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San Francisco Bay Joint Venture

Coastal ecosystems have been identified by the International Panel on Climate Change (2007) as areasthat will be disproportionally affected by climate change. Recent sea-level rise projections range from 0.57to 1.1 m (Jevrejeva et al. 2012) or 0.75 to 1.9 m by Grinsted et al. (2010) and Vermeer and Rahmstorf(2009) by 2100, which are contingent upon the ambient temperature conditions and CO2 emissions. Sealevelrise projections for San Francisco Bay are 1.24 m by 2100 (Cayan et al. 2008). The expectedaccelerated rate of sea-level rise through the 21st century will put many coastal ecosystems at risk,especially those in topographically low-gradient areas.Sea-level rise response modeling was conducted at 12 tidal salt...
Tidal marsh habitat is at high risk of severe loss and degradation as a result of human uses, sea-level rise, changes in salinity, and more frequent and extreme storms projected by climate models. Availability of habitat is a prerequisite for long-term viability of marsh bird populations and this has been modeled in a companion California Landscape Conservation Cooperative project (Veloz et al. 2011). However, habitat alone will ensure neither resilience nor recovery of depleted and threatened populations. To provide management guidance to reduce species’ vulnerability and recover depleted populations, we developed interactive population dynamic models for four key marsh species: Black Rail, Clapper Rail, Common...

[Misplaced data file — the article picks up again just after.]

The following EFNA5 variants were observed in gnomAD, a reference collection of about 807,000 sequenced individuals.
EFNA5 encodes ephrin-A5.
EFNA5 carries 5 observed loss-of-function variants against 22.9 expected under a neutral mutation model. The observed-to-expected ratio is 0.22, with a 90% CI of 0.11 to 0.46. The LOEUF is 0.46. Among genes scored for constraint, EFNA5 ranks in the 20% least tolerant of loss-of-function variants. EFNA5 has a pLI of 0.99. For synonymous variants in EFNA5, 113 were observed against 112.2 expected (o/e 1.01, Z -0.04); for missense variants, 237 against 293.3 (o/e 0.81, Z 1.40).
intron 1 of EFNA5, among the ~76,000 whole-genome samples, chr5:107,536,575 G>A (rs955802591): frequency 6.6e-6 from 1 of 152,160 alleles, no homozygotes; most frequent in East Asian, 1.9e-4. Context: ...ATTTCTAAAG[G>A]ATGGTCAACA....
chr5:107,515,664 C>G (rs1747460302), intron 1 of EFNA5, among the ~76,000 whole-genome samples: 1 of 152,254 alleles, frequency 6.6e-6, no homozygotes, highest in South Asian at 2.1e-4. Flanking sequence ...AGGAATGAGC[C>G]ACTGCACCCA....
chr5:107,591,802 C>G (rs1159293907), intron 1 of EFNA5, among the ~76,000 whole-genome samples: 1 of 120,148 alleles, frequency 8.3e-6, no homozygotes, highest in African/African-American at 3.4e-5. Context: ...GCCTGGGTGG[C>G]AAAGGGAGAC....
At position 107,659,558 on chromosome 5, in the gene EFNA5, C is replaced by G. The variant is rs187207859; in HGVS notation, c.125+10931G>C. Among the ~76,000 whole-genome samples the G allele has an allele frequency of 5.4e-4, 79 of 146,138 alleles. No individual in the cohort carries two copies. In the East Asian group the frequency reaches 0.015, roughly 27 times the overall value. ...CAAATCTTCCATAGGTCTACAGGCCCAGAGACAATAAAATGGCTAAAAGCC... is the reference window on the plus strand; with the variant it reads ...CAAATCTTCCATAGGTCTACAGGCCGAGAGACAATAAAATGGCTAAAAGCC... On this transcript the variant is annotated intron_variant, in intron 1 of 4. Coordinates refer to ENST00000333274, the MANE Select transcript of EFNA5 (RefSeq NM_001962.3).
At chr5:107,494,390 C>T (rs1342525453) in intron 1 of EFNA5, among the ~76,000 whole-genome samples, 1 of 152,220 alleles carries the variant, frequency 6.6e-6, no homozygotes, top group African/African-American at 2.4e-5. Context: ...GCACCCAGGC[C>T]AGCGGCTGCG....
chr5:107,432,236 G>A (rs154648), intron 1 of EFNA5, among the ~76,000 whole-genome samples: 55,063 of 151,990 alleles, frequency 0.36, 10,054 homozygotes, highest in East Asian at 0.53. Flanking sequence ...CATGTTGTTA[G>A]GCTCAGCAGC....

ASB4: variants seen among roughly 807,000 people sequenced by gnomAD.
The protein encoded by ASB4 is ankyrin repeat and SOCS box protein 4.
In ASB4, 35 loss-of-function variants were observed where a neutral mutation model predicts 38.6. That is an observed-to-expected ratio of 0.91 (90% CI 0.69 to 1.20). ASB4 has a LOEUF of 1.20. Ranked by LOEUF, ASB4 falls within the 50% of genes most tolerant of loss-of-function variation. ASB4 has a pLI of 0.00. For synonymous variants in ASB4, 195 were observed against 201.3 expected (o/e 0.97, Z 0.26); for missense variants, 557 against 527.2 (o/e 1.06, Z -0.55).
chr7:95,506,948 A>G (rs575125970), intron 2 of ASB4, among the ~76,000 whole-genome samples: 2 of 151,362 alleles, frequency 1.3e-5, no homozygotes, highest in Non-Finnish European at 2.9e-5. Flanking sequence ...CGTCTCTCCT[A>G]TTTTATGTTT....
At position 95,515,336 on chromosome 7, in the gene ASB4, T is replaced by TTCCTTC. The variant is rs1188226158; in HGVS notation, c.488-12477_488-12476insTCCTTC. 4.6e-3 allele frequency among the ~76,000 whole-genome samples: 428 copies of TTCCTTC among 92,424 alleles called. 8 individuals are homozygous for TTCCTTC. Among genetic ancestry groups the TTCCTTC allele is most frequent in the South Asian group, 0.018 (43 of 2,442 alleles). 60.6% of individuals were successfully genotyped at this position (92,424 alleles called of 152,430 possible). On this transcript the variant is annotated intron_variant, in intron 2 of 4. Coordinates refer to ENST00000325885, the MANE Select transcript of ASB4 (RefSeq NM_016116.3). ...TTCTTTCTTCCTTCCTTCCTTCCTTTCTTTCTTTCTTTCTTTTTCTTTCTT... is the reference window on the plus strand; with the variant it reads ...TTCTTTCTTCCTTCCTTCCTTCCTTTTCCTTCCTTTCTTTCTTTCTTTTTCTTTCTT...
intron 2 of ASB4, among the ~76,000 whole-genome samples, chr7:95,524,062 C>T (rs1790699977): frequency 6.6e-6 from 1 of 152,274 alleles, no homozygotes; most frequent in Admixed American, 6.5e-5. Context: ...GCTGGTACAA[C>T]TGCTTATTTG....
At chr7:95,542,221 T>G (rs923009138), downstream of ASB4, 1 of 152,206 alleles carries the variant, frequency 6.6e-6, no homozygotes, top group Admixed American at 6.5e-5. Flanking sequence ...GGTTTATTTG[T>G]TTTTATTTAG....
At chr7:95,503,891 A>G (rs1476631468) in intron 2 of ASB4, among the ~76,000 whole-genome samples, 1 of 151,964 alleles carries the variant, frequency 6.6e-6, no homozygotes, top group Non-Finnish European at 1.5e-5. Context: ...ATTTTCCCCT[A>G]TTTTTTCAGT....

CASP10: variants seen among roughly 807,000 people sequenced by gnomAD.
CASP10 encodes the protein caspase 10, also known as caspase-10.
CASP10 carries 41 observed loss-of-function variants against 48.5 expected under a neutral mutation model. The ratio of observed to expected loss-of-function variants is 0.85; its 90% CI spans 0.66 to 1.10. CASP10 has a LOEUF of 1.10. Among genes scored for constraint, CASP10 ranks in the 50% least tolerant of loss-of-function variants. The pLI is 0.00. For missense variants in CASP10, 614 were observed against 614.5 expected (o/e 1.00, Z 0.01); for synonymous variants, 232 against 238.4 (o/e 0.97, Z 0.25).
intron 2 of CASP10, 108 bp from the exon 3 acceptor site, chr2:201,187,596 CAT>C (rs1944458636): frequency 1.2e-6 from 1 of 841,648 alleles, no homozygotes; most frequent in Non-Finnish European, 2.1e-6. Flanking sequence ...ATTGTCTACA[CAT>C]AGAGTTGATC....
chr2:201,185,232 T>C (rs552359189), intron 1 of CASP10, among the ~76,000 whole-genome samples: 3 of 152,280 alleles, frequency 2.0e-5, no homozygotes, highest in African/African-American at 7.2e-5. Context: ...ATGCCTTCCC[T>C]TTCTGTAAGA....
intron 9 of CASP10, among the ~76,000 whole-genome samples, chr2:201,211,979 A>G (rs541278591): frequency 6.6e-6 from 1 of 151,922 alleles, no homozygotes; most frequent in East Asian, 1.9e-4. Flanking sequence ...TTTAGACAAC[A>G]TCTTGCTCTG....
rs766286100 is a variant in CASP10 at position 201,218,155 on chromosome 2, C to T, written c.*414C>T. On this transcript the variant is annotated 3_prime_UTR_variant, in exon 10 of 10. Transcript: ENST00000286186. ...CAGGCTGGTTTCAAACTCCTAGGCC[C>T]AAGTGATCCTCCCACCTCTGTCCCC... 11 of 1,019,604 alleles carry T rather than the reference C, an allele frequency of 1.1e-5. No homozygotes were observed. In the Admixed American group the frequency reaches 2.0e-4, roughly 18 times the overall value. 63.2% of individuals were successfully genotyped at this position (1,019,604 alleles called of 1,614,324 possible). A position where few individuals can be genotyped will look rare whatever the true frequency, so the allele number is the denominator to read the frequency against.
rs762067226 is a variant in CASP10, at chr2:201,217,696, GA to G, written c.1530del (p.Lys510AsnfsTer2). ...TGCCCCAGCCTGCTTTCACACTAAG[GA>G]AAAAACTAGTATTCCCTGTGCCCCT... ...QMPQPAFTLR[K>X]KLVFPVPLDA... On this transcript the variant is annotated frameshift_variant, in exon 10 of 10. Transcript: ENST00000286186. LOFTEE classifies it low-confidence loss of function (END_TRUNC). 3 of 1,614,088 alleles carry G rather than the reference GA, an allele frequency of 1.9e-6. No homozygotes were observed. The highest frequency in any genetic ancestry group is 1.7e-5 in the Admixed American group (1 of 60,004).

The aim of this USGS program is to provide site specific sea-level rise predictions to land managers through the intensive collection of field data and innovative predictive modeling. In 2009 and 2010, thousands of elevation and vegetation survey points were collected in salt marsh at 12 sites surrounding San Francisco Bay. The elevation data was synthesized into a continuous elevation model for each site, providing land owners valuable baseline data. This site hosts the project report, pages describing each of the 12 marshes visited in this study, and maps and GIS data for all of the marshes including high-resolution digital elevation models.
This project designed a monitoring program and protocol to detect the effects of climate change on tidal marsh bird population abundance and distribution. It is a companion to “Tidal Marsh Bird Population and Habitat Assessment for San Francisco Bay under Future Climate Change Conditions” and will build on its products, enabling evaluation of the long-term viability of four tidal-marsh bird species threatened by impacts of climate change: Clapper Rail, Black Rail, Common Yellowthroat, and Song Sparrow (three endemic subspecies: San Pablo, Suisun, and Alameda). Information is available through the California Avian Data Center. See also: http://data.prbo.org/apps/sfbslr/index.php?page=lcc-page
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